With the holiday shopping season upon us, many people will be buying e-book readers for themselves or as gifts. Some industry forecasts predict as many as 10.3 million e-readers will be in use by the end of the year, and about 10% of adults report that they plan to give an e-reader as a gift this season. Unfortunately, many people who may want to download e-books from the library onto their brand-new device are in for a big disappointment. The digital rights management (DRM) systems used by libraries and e-readers to prevent unauthorized copying of e-books are often incompatible—a situation that could make the Grinch very happy this year.
- Adobe DRM library eBooks on your Apple iPad (Splintered Mind/Douglas Cootey) “The problem is that the most popular library ebook lending system is Overdrive. They deliver a double-fisted DRM smack down by wrapping Adobe DRM in a server side authorization mechanism. Basically, Overdrive files point to the DRMed book on Overdrive servers which an Overdrive authorized reader must be given permission to access. Since there are no authorized Overdrive readers for the iPad, and Overdrive has stated their first mobile ebook support will be for Android devices, this means that almost 7.5 million iPad owners will have to wait. “
- Kindle cannot support library books (Salt Lake Tribune/Vince Horiuchi) “But if I read the fine print on the library’s website, I would have realized that the PDF books rented out by the library use DRM, or digital rights management, to protect the files from being copied. Unfortunately, the Kindle does not support that kind of DRM.”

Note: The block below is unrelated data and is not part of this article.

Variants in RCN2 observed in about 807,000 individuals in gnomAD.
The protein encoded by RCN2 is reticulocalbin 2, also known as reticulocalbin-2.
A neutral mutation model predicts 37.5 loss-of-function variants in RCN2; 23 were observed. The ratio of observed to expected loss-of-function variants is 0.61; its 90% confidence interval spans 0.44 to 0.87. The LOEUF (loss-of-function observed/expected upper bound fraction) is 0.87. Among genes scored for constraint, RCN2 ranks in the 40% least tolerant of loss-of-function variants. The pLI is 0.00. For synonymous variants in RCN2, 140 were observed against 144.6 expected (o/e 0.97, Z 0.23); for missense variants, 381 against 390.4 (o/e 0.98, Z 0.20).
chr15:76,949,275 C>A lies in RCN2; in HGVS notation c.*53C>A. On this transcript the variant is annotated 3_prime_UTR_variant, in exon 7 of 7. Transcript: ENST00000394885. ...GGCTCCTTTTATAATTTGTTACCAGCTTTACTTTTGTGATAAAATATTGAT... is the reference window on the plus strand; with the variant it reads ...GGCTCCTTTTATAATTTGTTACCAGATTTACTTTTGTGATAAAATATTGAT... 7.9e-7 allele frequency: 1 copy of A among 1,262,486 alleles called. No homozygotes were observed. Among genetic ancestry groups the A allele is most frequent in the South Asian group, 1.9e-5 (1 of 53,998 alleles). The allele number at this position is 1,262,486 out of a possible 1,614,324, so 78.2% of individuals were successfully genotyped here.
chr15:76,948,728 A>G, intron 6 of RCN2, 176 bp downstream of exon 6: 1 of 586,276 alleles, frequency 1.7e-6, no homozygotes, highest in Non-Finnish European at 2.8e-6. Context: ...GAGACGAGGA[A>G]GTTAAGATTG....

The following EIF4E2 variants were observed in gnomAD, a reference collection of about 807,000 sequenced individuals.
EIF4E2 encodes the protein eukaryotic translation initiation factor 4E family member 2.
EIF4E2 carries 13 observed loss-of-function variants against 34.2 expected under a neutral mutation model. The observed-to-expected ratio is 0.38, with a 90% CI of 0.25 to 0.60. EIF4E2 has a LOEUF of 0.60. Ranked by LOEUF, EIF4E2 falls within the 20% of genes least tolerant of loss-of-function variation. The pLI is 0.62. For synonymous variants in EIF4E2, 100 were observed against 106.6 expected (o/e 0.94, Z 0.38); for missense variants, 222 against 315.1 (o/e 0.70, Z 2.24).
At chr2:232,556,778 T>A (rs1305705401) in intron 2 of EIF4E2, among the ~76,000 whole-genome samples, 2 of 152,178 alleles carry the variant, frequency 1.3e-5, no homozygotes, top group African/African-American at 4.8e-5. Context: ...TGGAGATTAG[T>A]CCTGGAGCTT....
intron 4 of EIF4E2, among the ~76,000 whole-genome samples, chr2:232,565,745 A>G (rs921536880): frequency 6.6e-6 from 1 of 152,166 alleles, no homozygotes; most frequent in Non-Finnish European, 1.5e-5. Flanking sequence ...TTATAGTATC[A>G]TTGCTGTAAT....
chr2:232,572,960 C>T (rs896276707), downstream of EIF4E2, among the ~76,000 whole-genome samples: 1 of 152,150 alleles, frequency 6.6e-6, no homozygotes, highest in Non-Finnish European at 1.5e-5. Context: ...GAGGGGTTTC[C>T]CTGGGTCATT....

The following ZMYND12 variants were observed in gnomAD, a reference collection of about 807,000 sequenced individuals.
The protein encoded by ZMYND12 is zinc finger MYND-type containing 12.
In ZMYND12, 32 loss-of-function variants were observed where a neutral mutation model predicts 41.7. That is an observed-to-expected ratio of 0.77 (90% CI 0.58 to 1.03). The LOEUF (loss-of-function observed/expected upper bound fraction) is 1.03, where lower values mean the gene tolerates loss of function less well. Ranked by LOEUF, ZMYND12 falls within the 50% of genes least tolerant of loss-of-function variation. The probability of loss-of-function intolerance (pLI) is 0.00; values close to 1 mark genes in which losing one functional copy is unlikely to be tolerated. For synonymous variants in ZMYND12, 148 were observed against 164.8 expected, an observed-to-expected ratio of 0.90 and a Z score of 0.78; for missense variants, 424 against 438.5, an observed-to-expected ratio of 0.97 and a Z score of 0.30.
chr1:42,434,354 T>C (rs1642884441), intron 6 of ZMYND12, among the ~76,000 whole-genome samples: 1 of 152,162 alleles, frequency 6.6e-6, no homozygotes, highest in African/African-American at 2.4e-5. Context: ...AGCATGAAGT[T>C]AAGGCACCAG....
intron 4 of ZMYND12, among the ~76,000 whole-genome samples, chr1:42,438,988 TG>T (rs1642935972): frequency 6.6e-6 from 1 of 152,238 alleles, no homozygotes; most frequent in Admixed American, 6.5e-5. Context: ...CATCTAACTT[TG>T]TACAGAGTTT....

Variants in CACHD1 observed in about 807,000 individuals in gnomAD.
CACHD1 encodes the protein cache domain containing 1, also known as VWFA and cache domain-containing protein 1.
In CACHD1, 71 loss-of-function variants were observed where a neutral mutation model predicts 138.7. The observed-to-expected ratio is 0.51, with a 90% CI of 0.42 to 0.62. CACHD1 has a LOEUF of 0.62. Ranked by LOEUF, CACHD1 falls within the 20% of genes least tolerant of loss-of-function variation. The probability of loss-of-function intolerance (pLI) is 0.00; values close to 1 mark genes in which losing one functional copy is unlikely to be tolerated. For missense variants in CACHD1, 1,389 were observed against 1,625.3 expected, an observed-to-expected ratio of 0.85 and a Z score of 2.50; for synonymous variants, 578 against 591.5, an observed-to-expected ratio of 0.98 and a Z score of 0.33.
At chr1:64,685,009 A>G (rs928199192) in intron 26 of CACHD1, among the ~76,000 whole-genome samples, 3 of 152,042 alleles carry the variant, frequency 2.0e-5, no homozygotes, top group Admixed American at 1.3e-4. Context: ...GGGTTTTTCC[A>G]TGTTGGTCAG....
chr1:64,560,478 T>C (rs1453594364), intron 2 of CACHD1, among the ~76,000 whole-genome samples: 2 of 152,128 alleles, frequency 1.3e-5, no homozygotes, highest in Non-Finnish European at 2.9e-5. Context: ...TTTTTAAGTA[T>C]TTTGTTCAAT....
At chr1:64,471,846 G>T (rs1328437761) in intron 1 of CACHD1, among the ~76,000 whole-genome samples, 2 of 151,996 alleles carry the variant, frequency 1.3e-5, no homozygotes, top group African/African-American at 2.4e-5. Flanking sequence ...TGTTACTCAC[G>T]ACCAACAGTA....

- The shattered ebook DRM landscape (Gear Diary/Carly Z) “When Steve Jobs announced the iPad, he also mentioned that iBooks would be using ePUB. There was a brief ray of hope among the eBook world…maybe, just maybe, the majority of ebooksellers would rally around a single format. Unfortunately, it looks like that was a false hope. …Apple will be using their Fairplay DRM for iBooks. This will be the 3rd variant of ePUB DRM: Adobe, Fairplay, and Barnes and Noble. And of course, Amazon has their own DRM and ebook format.”
- Second Adobe DRM ebook reader arrives on iPad (ebookmagazine/Martin Hoscik) “Books sold via Apple’s iBooks and Amazon’s Kindle apps are limited by the seller’s use of closed DRM and although rival Kobo offers Adobe protected ePub books, their app does not currently allow the ‘side loading’ of titles bought elsewhere.”
Shopping list fact:
So what should you tell patrons who think ahead and ask the library what e-reader to buy? Well, if your library uses Overdrive for e-books, there’s an online list of compatible devices. Adobe also publishes a more extensive listing of e-readers that support Adobe Digital Editions DRM.